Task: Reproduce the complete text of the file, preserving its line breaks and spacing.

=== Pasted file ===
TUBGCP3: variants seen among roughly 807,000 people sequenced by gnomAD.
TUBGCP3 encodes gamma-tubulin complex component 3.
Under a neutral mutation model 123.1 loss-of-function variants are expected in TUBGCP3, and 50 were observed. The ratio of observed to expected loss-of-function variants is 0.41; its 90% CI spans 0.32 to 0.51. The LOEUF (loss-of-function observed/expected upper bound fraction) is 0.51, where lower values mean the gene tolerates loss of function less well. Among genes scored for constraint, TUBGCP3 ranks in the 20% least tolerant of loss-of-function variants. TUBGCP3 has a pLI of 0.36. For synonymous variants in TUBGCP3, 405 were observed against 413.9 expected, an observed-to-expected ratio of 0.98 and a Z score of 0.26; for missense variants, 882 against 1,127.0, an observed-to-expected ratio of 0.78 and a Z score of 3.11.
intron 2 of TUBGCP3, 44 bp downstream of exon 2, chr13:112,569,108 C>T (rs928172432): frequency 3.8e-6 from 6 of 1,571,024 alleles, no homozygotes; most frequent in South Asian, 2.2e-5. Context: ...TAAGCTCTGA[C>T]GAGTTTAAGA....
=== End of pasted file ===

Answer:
TUBGCP3: variants seen among roughly 807,000 people sequenced by gnomAD.
TUBGCP3 encodes gamma-tubulin complex component 3.
Under a neutral mutation model 123.1 loss-of-function variants are expected in TUBGCP3, and 50 were observed. The ratio of observed to expected loss-of-function variants is 0.41; its 90% CI spans 0.32 to 0.51. The LOEUF (loss-of-function observed/expected upper bound fraction) is 0.51, where lower values mean the gene tolerates loss of function less well. Among genes scored for constraint, TUBGCP3 ranks in the 20% least tolerant of loss-of-function variants. TUBGCP3 has a pLI of 0.36. For synonymous variants in TUBGCP3, 405 were observed against 413.9 expected, an observed-to-expected ratio of 0.98 and a Z score of 0.26; for missense variants, 882 against 1,127.0, an observed-to-expected ratio of 0.78 and a Z score of 3.11.
intron 2 of TUBGCP3, 44 bp downstream of exon 2, chr13:112,569,108 C>T (rs928172432): frequency 3.8e-6 from 6 of 1,571,024 alleles, no homozygotes; most frequent in South Asian, 2.2e-5. Context: ...TAAGCTCTGA[C>T]GAGTTTAAGA....